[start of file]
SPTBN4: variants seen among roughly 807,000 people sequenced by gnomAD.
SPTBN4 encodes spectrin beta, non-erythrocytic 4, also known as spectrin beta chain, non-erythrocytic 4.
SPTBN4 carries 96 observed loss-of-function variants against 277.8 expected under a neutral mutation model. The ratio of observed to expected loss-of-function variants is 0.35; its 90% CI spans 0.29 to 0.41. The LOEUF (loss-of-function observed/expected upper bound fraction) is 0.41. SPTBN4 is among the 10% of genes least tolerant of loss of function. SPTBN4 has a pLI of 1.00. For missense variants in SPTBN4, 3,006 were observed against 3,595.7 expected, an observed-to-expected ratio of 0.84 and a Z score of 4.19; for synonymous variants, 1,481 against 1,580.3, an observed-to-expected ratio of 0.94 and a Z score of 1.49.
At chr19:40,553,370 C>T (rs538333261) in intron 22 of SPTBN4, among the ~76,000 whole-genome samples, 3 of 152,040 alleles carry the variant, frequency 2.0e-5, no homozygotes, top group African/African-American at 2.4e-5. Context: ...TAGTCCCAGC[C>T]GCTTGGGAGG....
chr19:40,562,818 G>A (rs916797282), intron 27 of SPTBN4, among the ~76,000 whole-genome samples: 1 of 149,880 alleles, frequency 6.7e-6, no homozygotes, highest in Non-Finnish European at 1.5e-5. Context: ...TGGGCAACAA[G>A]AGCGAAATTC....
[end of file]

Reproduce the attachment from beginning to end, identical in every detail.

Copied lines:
SPTBN4: variants seen among roughly 807,000 people sequenced by gnomAD.
SPTBN4 encodes spectrin beta, non-erythrocytic 4, also known as spectrin beta chain, non-erythrocytic 4.
SPTBN4 carries 96 observed loss-of-function variants against 277.8 expected under a neutral mutation model. The ratio of observed to expected loss-of-function variants is 0.35; its 90% CI spans 0.29 to 0.41. The LOEUF (loss-of-function observed/expected upper bound fraction) is 0.41. SPTBN4 is among the 10% of genes least tolerant of loss of function. SPTBN4 has a pLI of 1.00. For missense variants in SPTBN4, 3,006 were observed against 3,595.7 expected, an observed-to-expected ratio of 0.84 and a Z score of 4.19; for synonymous variants, 1,481 against 1,580.3, an observed-to-expected ratio of 0.94 and a Z score of 1.49.
At chr19:40,553,370 C>T (rs538333261) in intron 22 of SPTBN4, among the ~76,000 whole-genome samples, 3 of 152,040 alleles carry the variant, frequency 2.0e-5, no homozygotes, top group African/African-American at 2.4e-5. Context: ...TAGTCCCAGC[C>T]GCTTGGGAGG....
chr19:40,562,818 G>A (rs916797282), intron 27 of SPTBN4, among the ~76,000 whole-genome samples: 1 of 149,880 alleles, frequency 6.7e-6, no homozygotes, highest in Non-Finnish European at 1.5e-5. Context: ...TGGGCAACAA[G>A]AGCGAAATTC....